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Sand stone

 
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Can I use sand stone for building projects?  It breaks pretty easily if you drop it on another rock, but will it hold up otherwise?  I wouldn't build a house foundation or anything, but possibly some stone walls.
 
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Many of our most historic buildings and bridges are made from sandstone, so yes, you can build substantial features with it.

However, and there is always a 'however', it depends on the clay content within the rock - sandstone with a high clay percentage will crumble quite quickly when exposed to the elements. So, if you're buying it for construction purposes e.g. if the wall you intend to build is over one metre high where a collapse could injure or kill someone, it would be preferable to get construction quality rock - it usually comes in 'grades'.

For example, Sydney Sandstone is quite famous, but a lot of it has a high clay content so it needs to be quality assured if used in construction.

 
Trace Oswald
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F Agricola wrote:
Many of our most historic buildings and bridges are made from sandstone, so yes, you can build substantial features with it.

However, and there is always a 'however', it depends on the clay content within the rock - sandstone with a high clay percentage will crumble quite quickly when exposed to the elements. So, if you're buying it for construction purposes e.g. if the wall you intend to build is over one metre high where a collapse could injure or kill someone, it would be preferable to get construction quality rock - it usually comes in 'grades'.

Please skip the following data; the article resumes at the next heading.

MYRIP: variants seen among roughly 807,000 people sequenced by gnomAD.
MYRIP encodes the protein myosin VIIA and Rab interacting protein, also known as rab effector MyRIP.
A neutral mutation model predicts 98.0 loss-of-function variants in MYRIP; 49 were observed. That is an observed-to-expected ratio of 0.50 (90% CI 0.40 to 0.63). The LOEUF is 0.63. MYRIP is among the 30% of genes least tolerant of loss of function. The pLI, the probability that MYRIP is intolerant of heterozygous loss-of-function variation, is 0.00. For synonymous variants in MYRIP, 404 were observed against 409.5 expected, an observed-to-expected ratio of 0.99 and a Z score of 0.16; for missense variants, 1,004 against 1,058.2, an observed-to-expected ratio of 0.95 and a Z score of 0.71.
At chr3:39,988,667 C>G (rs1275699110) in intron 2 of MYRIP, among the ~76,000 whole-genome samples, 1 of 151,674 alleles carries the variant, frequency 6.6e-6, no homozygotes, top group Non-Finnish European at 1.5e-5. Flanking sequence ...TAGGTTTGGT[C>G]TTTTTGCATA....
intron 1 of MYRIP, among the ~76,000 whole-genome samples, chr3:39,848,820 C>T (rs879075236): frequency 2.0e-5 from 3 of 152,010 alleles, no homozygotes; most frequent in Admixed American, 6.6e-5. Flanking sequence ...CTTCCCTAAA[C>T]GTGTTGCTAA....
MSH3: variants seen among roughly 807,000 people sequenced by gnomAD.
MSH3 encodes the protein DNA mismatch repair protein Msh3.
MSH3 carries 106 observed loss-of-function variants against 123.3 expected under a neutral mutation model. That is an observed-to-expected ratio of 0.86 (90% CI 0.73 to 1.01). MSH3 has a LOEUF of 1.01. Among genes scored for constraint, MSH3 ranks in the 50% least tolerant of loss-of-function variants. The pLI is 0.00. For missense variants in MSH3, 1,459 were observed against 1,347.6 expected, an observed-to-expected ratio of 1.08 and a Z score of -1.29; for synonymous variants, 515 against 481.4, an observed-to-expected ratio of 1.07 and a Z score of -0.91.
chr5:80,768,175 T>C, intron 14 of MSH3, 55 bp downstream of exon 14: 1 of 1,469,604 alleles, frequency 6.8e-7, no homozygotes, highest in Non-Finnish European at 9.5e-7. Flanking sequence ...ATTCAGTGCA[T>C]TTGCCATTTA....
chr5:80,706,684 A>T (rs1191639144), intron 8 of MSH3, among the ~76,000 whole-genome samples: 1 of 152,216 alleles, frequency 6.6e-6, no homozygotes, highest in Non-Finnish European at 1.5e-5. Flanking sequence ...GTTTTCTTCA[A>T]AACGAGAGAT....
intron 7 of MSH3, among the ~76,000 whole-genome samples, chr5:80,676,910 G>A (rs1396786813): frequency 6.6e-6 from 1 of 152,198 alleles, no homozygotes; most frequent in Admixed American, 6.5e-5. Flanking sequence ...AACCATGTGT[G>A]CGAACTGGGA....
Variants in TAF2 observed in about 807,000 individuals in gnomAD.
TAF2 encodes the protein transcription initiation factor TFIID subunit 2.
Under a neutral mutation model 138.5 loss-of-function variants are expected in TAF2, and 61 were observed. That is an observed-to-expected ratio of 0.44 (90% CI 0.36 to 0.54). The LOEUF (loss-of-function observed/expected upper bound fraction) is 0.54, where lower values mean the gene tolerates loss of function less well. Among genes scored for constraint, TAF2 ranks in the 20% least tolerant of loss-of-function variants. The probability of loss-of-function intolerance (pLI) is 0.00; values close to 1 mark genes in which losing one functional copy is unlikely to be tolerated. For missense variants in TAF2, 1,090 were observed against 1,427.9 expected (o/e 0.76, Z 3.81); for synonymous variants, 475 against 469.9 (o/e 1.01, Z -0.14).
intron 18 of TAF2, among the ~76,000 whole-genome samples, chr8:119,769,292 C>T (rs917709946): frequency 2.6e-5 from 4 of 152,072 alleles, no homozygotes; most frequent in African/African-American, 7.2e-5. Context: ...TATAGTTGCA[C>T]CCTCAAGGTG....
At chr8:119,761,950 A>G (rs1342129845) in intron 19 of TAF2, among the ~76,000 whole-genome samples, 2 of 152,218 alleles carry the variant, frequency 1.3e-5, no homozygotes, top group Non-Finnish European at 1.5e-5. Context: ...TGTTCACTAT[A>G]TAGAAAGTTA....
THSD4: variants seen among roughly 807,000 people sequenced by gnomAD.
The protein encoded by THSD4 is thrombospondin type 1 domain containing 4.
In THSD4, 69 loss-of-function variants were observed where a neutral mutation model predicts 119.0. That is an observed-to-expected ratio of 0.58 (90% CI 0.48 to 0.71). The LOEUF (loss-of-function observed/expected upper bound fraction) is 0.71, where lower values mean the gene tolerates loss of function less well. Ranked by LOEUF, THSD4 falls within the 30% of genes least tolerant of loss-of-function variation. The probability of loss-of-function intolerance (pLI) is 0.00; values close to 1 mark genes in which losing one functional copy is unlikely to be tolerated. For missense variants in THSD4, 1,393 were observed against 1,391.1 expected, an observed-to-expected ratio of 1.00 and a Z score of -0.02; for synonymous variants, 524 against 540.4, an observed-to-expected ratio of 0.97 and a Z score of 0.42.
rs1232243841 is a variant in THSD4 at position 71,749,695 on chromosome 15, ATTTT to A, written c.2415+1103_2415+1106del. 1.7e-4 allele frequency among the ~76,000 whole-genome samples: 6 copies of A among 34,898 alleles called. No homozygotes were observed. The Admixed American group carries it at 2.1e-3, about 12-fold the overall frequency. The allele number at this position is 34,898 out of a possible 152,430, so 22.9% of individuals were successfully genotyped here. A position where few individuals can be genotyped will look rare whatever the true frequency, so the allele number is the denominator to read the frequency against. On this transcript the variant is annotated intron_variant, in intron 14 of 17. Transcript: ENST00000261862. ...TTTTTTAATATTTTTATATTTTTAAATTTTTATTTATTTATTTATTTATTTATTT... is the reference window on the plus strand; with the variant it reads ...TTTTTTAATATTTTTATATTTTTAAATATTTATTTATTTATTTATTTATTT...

For example, Sydney Sandstone is quite famous, but a lot of it has a high clay content so it needs to be quality assured if used in construction.



Is there an easy way to tell if it has high clay content?  The reason I'm asking about this is because sand stone is on my land.  I don't have much other stone.
 
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From; sandstone
Sandstone is one of the most widely used stone building materials, being both common in many geological sequences and easy to use for construction purposes, although it is highly abrasive and takes its toll on the tools used to process it.

It is not always the most versatile of natural stones, due principally to the constraints created by the original bedding process. Where sandstone is derived from marine deposition, the beds tend to be relatively thin and these laminations can create weaknesses, although it is these very weaknesses that can be exploited when splitting the stone to use as paving and flooring, and sometimes as roofing.

The quarrying of marine-derived sandstones is often a slower process than with other dimension stones because of interbedded shales and other waste or unusable materials.

The finished sandstone product can represent as little as 10% of the stone taken from the quarry face in some locations.

More consistent properties are often achieved with sandstones formed from desert sands, where bed heights can reach tens of metres and occur across large regions. The sorting of the sand grains also makes many desert-derived sandstones more consistent in their appearance and properties.

These desert sands often contained iron oxide, giving rise to a red colour. While these stones are typically strong, they do not always have sufficient abrasion resistance to be used for paving, which is a major use of many sandstones.

The American Society for Testing & Materials (ASTM) simplifies sandstone classification on the basis of density, dividing it into three categories: sandstone, quartzitic sandstone and quartzite.